The Importance Of Silence In Huckleberry Finn

Silence is virtually inescapable. Where some avoid it, others thrive in the solitude the world brings. The Adventures of Huckleberry Finn written by Mark Twain, the reader finds that Huckleberry Finn, who narrates the story, both enjoying and suffering within the silence. Though as Forrest G. Robinson argues in his The Silences in Huckleberry Finn the reasons behind Huck 's depression and wish of death couldn 't only be from Huck 's circumstances alone. Huckleberry Finn 's wish for eternal solitude and his depression stem not only from his circumstances but from his author Mark Twain as well. Mark Twain throughout his work in Huckleberry Finn show similarities in events in his personal life. As Robinson states, “[Smith] draws …show more content…
Jim being the slave that runs away down the river with Huck. Caught between a societal view and his actual feelings for Jim is where Huck finds his troubles are kept. These issues are of importance due to the fact that these feelings are Huck 's feelings alone. As Huck gets to know Him more and more he realizes that Jim has a family and he has wants and values like any other man. Huck begins to see that they aren 't very a lot of differences between them. Though upon this Huck also battles between the fact that Jim is a runaway slave and unaccepted by most of society. This alone leads to much more trouble than Huck cares for. Unwanted trouble, like Tom, causes Huck to think of rash decisions, Huck comments, “I got a feeling so mean and so miserable I most wished I was dead”(Twain 281). Most importantly these feelings that are positive for Jim are Huck 's initial …show more content…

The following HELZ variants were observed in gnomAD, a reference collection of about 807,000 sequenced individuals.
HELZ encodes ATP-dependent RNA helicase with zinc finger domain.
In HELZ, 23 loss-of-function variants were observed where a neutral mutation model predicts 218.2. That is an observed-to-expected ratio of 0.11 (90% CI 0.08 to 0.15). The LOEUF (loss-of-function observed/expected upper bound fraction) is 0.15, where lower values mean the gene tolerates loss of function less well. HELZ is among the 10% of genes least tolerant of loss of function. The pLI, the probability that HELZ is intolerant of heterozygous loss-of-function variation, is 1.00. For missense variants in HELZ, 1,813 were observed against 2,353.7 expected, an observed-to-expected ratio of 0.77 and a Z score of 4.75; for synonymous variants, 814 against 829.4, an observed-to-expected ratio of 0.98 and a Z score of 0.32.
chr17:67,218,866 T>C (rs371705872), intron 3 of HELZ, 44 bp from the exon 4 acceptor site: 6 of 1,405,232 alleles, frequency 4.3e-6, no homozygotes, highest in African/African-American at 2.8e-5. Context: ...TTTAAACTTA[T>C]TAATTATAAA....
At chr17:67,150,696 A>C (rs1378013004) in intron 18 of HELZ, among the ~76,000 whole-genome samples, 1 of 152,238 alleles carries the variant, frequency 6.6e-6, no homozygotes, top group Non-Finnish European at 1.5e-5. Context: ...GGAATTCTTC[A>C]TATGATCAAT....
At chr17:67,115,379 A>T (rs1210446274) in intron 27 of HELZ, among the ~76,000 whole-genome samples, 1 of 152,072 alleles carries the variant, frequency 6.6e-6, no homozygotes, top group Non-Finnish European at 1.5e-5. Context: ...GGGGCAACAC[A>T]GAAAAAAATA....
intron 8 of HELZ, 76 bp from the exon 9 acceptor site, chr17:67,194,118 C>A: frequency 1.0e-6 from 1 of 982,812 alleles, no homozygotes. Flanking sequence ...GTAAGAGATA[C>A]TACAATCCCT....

Much like his author Huck eals with these kinds of contradictory ideals. Huck struggles to give a sincere apology to Him for the cruel pranks Huck pulled. His contradictory ideas are formed from the way he views Jim. Ultimately from Mark Twain himself. These ideas are a result from Twain 's personal happenings. The Adventures of Huckleberry Finn shows different ways of interpreting. Forrest G. Robinson argues in the article The Silences of Huckleberry Finn that the reasons for Huck Finn 's depression and his death wishes are from his author and the circumstances Huck is placed in. As stated already Huck deals with solitude in different ways. His imagination takes a hold and like a lot of people plays tricks. To argue Mark Twain was simply doing his best to make Huck a relatable character in his story. Huck 's feelings toward Him also explain why Huck would find his confusion and contradictory ideas from his author. Huck doesn 't know how to, or understand his feelings and like Robinson argues neither does Mark Twain. Thus the conclusion can be found

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